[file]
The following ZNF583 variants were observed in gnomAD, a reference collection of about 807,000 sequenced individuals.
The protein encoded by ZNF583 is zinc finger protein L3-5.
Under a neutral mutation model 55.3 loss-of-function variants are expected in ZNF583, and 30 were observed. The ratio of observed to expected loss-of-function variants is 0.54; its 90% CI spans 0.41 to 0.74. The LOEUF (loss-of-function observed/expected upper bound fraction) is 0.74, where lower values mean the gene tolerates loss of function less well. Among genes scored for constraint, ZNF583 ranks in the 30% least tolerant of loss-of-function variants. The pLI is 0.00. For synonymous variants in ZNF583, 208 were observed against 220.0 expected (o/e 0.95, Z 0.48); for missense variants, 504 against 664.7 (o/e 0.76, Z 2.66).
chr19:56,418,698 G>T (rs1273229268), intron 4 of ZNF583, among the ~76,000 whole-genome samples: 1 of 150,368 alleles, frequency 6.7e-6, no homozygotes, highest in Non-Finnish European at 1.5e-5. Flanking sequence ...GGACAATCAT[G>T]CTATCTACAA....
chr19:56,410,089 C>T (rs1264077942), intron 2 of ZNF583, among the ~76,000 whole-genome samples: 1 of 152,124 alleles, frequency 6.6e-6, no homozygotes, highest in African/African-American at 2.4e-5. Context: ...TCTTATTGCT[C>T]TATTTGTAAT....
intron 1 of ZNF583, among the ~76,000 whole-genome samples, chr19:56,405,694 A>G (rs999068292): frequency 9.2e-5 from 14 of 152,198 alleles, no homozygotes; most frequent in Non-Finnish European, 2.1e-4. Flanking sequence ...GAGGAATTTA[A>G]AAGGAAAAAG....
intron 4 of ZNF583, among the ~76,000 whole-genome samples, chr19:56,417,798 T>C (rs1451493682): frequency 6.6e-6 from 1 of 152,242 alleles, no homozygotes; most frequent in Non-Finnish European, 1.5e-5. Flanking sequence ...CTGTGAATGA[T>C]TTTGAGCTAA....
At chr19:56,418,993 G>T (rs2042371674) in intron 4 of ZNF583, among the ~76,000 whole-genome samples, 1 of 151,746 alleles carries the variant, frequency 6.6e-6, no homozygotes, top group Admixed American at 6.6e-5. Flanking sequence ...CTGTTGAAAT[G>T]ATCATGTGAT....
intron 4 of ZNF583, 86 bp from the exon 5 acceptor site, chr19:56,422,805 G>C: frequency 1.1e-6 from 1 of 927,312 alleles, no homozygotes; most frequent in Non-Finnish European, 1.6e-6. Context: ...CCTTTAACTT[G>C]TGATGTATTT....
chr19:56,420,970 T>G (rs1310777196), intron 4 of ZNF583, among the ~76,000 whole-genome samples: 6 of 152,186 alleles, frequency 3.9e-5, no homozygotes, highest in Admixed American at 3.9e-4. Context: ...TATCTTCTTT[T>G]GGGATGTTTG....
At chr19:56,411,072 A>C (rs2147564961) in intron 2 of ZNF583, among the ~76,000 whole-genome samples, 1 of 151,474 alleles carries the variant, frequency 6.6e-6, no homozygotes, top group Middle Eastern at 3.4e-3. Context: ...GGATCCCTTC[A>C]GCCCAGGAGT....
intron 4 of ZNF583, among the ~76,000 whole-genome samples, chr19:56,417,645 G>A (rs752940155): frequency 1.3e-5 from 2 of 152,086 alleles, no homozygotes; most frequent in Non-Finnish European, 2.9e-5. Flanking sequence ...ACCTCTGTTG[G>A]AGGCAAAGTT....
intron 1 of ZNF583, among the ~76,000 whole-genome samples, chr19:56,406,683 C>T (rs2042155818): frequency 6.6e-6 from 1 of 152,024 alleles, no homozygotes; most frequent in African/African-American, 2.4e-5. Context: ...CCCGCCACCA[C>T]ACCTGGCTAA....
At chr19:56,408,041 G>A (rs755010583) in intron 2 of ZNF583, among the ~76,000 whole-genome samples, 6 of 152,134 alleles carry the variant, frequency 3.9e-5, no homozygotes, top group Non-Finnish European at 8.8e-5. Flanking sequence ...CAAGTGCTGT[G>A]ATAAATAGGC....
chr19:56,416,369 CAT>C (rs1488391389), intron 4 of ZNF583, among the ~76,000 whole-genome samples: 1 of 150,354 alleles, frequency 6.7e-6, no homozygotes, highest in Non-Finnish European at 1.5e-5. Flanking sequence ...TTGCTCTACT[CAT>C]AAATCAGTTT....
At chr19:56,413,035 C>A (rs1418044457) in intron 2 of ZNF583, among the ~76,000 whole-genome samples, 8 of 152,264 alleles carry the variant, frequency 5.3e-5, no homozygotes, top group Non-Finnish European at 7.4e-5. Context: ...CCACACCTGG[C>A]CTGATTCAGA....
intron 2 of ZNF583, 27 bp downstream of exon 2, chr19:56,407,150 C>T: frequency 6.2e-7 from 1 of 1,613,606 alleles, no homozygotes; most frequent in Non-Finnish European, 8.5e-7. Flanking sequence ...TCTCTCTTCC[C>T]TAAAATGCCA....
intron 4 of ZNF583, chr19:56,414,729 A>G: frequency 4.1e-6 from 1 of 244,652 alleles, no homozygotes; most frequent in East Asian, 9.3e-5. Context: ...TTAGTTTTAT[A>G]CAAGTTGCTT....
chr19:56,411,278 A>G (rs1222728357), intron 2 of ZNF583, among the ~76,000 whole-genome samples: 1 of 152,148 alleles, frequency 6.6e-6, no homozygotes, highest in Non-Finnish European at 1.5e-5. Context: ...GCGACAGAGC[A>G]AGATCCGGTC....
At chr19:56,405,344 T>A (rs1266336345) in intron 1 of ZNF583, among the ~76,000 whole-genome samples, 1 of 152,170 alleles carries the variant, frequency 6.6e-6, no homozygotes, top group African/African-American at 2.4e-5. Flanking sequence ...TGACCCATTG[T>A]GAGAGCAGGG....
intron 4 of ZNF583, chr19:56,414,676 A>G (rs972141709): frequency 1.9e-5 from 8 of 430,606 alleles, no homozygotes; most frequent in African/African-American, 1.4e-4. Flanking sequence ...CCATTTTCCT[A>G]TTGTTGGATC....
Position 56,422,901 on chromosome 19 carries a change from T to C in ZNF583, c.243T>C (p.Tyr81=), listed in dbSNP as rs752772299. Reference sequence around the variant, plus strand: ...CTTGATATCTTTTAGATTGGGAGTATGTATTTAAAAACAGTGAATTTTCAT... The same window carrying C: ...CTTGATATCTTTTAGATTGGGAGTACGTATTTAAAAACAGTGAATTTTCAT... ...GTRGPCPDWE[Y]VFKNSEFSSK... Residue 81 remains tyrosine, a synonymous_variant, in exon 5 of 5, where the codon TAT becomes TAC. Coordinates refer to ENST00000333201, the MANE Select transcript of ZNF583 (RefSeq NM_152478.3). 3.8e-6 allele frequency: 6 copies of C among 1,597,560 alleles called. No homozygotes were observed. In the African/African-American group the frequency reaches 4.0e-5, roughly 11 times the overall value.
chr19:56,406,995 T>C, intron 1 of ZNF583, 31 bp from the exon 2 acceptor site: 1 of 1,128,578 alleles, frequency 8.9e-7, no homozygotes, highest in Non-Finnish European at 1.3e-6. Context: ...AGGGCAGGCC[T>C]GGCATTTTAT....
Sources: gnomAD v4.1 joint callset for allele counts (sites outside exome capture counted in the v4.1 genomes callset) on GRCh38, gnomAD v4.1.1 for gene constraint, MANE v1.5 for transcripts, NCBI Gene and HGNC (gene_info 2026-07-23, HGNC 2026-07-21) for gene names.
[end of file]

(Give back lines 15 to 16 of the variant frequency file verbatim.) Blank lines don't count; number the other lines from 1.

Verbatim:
chr19:56,416,369 CAT>C (rs1488391389), intron 4 of ZNF583, among the ~76,000 whole-genome samples: 1 of 150,354 alleles, frequency 6.7e-6, no homozygotes, highest in Non-Finnish European at 1.5e-5. Flanking sequence ...TTGCTCTACT[CAT>C]AAATCAGTTT....
At chr19:56,413,035 C>A (rs1418044457) in intron 2 of ZNF583, among the ~76,000 whole-genome samples, 8 of 152,264 alleles carry the variant, frequency 5.3e-5, no homozygotes, top group Non-Finnish European at 7.4e-5. Context: ...CCACACCTGG[C>A]CTGATTCAGA....